Elon Musk tweets completely out-of-touch request for dank memes

BTW

Elon Musk’s life is immersed in technology. His accomplishments include co-founding PayPal and being the CEO of Tesla and SpaceX, and he can’t seem to stop tweeting no matter how much trouble it gets him in. But for some reason, Musk appears to not fully grasp one of the most important aspects of the internet: The meme.

Musk put out a call for the “dankest memes” from his Twitter followers on Thursday.

He also clarified his request in a follow-up tweet: “Not moths tho.”

Loyal responders did certainly deliver memes. Some, unsurprisingly, were Musk related.

But many were not.

https://twitter.com/Iam_Obscure/status/1055709643530371072

There were also the usual political (sometimes offensive) memes in the mix of responses, which you’ll be spared from here.

Musk even threw in a meme of his own.

And that’s all fine and good—except that the existence of this thread indicates Musk and many of his followers don’t understand what a dank meme is in the first place.

First of all, there’s nothing less dank than a “how do you do, fellow kids?” moment. But more importantly, dank memes, by definition, aren’t appealing to a mass audience.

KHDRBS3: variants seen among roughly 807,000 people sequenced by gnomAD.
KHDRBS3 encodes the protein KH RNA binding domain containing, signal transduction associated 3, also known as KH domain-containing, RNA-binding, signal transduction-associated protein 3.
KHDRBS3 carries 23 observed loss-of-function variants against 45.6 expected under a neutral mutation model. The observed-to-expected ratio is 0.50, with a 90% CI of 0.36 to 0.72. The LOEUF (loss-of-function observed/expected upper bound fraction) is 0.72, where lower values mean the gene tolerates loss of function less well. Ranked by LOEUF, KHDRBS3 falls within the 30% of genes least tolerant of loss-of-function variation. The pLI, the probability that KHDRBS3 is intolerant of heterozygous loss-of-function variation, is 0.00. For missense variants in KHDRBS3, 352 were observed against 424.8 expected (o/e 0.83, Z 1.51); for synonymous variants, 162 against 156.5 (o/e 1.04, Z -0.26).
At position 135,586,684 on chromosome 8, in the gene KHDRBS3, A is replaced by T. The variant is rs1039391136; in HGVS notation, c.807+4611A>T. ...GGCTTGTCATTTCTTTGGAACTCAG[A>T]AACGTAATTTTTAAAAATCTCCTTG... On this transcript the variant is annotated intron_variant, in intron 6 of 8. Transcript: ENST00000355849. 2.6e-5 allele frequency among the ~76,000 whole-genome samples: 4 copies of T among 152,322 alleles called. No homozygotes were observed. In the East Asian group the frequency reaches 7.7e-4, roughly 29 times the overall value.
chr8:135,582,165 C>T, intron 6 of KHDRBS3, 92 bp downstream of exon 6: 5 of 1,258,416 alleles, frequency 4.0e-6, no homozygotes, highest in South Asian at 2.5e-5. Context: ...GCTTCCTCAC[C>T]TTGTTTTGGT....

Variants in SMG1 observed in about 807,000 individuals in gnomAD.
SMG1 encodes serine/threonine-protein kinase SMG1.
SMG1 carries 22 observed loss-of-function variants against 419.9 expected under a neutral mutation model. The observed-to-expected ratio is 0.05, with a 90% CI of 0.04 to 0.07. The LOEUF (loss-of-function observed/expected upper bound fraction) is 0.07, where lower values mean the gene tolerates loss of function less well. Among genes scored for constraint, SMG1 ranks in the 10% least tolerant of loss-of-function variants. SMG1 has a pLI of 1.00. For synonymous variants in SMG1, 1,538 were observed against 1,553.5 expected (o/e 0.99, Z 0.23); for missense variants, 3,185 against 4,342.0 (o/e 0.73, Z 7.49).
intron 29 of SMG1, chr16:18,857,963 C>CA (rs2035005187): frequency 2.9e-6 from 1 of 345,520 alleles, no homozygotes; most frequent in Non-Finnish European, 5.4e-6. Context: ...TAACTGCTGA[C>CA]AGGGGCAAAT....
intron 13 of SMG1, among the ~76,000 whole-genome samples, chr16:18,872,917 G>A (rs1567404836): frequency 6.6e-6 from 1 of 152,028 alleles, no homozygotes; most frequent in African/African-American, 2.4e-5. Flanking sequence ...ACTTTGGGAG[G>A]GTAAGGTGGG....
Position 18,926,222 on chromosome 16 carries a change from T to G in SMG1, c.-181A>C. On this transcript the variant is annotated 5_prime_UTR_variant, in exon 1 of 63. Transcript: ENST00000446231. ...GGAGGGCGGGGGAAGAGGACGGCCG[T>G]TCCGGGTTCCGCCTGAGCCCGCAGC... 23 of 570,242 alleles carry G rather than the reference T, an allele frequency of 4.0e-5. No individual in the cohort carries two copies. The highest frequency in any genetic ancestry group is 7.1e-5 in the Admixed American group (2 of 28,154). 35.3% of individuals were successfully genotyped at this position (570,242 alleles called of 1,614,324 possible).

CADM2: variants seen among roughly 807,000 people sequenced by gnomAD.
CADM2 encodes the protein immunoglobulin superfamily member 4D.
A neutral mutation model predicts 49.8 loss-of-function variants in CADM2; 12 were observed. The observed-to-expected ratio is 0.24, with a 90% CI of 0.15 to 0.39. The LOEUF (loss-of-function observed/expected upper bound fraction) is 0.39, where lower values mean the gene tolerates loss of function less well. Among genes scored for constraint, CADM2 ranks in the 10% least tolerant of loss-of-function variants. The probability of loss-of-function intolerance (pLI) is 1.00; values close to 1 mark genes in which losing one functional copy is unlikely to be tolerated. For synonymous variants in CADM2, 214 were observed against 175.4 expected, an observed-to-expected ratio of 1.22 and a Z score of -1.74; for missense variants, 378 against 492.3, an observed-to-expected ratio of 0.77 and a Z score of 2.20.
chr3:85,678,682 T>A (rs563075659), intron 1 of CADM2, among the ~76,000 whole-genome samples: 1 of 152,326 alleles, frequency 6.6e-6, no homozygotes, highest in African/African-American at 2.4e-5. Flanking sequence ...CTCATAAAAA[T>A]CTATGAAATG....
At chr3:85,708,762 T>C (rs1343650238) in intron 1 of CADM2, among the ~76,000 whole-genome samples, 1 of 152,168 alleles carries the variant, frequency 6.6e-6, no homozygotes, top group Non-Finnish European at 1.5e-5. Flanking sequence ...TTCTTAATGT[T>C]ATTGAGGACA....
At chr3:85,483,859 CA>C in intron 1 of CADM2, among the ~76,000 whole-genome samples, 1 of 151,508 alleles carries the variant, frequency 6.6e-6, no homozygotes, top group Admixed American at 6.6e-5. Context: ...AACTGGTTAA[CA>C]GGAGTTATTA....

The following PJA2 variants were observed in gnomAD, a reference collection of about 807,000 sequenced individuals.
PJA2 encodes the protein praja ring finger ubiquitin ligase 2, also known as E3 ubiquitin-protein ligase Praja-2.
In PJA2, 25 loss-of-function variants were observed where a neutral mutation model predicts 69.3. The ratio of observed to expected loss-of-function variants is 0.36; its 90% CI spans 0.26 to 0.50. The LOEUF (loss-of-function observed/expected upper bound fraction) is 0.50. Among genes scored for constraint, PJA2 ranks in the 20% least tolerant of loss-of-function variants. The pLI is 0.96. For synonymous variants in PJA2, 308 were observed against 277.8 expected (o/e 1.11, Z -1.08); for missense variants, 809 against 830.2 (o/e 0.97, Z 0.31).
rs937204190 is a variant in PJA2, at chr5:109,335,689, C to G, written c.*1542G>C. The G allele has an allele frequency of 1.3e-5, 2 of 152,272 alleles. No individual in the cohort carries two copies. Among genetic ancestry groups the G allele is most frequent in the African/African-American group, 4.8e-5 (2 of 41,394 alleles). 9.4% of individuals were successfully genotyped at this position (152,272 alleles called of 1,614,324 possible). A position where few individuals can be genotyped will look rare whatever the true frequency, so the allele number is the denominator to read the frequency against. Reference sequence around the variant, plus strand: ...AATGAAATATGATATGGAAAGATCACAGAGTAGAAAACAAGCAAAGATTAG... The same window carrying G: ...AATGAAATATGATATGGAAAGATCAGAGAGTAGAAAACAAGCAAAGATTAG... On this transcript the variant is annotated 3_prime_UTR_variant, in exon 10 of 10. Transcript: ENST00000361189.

Know Your Meme says the dank meme is an “ironic expression used to describe online viral media and in-jokes that are intentionally bizarre or have exhausted their comedic value to the point of being trite or cliché.” That certainly rules out the most popular Musk memes, which are straightforward jokes.

Sure, you could argue Musk really did want a thread full of the most bizarre memes—if he hadn’t also tweeted “I said dankest not darkest omg.” The nature of dank memes, seeped in satire and absurdism as they are, is to be dark.

A celebrity asking for and sharing dank memes is an oxymoron. The fact that Musk is gathering the memes voids the dankness of any meme posted therein. But that’s OK, because more dank memes will come—just not in his thread.

As Miles Klee once wrote for the Daily Dot: “When everything is dank, then nothing is, and the universe of memes is constantly expanding, mutating, re-emerging from its own ashes.”

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Kris Seavers

Kris Seavers

Kris Seavers is the Evening Editor for the Daily Dot, where she covers breaking news, politics, and LGBTQ issues. Her work has appeared in Central Texas publications, including Austin Monthly and San Antonio Magazine, and on NPR.